A critical area of success for a government agency is having the ability to align new strategy with its operating model to be effective at execution. With a new administration at the Federal level, many organizations will be in the process of updating their four-year strategic plans during the first half of 2021 prior to review and comment by OMB. Several agencies’ missions and focus areas are already being redirected by the new administration and the challenge before them is answering how best to integrate these changes/new focus areas – like many infrastructure, environmental policy, or health care changes that could stress agencies’ ability to quickly figure out what to change and by how much.
Adopting an agile approach to organization design is a great way to help agencies quickly identify which organizational components need to be redesigned/transformed and pays dividends in addressing the following organizational components:
- The Work of the agency and leveraging new Technologies (digital, AI, etc.) to improve the effectiveness and efficiency of the work. Just like the Department of Veterans Affairs (VA) has done automating much of its benefits processes.
- The People – as in their skills, capabilities, Roles, and Accountabilities. Will you have enough skilled workers to meet the demands of change in a mission reset? What can we learn from other agencies such as what the Food and Drug Administration (FDA) was required to do in response to sweeping new legislative mandates in 2012?
- The Structure of the organization and its subcomponents. Adopting an agile mindset creates opportunities for interconnected agile teams to focus on mission delivery using agile tools and methods. Many agencies have already moved away from top-down “command and control” structures to being flatter and more collaborative…structuring that challenges the style of leadership traditionally practiced.
- The Leadership style in agile organizations is more coaching and soundboard rather than directive…as in “do it my way”. Agile leaders recognize they don’t have all the answers and inspire their teams to find the best way to do the mission in light of changes resulting from new legislation and/or a new strategy. Agile leaders model agile behaviors, create psychological safety for all and embrace feedback to improve the performance and outcomes of their mission teams. Research we have done in coordination with George Washington University’s Center for Excellence in Public Leadership cited “leadership” as being the number one barrier to successful strategy execution at local, state, and national levels.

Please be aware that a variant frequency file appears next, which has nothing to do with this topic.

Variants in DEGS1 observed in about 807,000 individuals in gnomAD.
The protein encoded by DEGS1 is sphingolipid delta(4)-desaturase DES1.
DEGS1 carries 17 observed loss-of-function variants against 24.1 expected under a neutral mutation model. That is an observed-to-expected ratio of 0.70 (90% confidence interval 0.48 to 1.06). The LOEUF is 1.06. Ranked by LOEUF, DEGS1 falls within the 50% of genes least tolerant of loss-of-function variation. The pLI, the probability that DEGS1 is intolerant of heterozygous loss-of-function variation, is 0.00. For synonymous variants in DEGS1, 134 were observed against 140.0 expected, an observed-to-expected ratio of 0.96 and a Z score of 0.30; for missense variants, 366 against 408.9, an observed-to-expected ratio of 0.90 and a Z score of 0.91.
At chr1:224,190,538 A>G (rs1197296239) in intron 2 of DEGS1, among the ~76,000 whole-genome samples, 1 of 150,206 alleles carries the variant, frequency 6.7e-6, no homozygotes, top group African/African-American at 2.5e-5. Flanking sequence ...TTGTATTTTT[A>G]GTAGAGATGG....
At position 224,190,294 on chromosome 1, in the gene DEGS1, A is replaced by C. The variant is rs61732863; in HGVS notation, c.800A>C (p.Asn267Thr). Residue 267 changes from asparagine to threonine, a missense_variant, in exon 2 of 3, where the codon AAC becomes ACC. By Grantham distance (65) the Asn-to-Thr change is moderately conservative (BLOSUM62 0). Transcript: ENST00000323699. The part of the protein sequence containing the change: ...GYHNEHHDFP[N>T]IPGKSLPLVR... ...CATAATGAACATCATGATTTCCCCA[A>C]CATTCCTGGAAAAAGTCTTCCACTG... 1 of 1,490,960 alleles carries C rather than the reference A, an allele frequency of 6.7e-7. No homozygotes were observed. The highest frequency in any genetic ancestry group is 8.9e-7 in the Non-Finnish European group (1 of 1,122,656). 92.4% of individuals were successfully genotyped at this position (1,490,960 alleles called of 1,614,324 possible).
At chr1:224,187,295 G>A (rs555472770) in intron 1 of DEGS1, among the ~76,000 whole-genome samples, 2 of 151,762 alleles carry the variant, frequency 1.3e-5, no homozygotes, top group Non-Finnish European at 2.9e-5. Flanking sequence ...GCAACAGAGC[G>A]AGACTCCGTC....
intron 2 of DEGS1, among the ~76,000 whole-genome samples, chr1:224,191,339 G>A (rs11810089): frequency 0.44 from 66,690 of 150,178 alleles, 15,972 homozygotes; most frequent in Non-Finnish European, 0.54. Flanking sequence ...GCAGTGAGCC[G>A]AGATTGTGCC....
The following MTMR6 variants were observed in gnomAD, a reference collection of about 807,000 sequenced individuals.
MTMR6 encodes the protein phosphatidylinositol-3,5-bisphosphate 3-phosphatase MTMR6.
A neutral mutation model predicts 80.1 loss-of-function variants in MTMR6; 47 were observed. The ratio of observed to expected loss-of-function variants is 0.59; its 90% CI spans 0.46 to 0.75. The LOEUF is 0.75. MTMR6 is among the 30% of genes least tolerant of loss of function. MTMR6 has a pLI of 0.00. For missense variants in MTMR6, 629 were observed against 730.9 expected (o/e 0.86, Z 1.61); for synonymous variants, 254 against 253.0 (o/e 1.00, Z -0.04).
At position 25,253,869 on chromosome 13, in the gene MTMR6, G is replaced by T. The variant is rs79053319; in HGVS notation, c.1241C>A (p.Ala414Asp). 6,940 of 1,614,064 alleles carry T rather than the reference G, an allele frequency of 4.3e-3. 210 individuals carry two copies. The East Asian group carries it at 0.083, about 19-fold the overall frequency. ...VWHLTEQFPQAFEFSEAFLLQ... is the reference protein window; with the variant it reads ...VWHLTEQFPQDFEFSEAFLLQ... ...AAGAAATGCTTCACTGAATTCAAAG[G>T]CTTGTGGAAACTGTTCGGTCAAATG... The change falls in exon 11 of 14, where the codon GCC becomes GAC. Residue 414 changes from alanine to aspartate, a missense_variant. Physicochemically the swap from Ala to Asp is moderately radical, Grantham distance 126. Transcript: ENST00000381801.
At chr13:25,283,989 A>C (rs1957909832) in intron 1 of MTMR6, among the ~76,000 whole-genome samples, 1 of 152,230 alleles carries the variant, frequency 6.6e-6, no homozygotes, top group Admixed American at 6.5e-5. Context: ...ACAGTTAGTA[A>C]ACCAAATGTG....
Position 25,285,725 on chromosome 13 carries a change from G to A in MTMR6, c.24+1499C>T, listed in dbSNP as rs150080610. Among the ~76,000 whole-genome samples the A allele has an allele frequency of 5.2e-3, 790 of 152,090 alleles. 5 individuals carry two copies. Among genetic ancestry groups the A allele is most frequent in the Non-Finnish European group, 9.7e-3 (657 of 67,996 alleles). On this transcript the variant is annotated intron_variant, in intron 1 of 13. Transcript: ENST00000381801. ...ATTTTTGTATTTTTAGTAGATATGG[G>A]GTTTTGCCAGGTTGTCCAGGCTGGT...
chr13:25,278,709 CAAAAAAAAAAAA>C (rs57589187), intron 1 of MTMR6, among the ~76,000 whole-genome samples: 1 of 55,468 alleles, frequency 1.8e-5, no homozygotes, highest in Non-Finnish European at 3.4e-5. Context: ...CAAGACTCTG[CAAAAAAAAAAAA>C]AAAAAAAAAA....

- The Supporting Systems, including new digital capabilities, may be impacted by changes in law, policy, or strategy. Agile agencies are well positioned to be early adopters of supporting systems, including HR, IT, Finance, and Procurement by deploying agile teams to determine what is needed and prioritize which systems need to be modified or replaced to better support the execution of the strategy.
- The existing Culture of an agency can be a roadblock to implementing new strategy. Peter Drucker is famously attributed with saying, “…culture eats strategy for breakfast”. Searching for confirmation falls short but in doing so you find wizened explanations for what Drucker was getting at including this by UK based “The Management Centre” that hits the nail on the head > “to stress the importance of a powerful and empowering culture being a surer route to organizational success.”
Not every component will need to change wholesale, the challenge is knowing what and to what degree. The MAOD program provides a variety of tools to quickly determine that a change is needed, mobilizes agile teams to frame the redesign, leverage a “team of teams” approach to customize the detailed design throughout the agency, and resolves any issues associated with the change. By embedding organizational development and change management techniques throughout the design process, change is more likely to stick by involving those impacted by it throughout the entire process. Time and effort are saved when buy-in, adoption, and support for the change is not simply “bolted on,” but an organic element of the process.
And in a VUCA world, the MAOD approach builds in numerous “strategy checks” to ensure alignment from possible changes in strategy due to unforeseen events, like a pandemic, updated guidance from OMB, or legislative changes and bills are deliberated through Congress.
About the Author
James Stockmal is a lead instructor for the “Mastering Agile Organizational Design Certification” Program. He is the owner of SK Partners, an independent management consultancy licensed in Washington, D.C. with over 30 years of experience in designing and developing organizations across a wide spectrum of industries including banking, manufacturing, pharmaceuticals, and consultancies. Jim is the immediate Past President of the Association for Strategic Planning.
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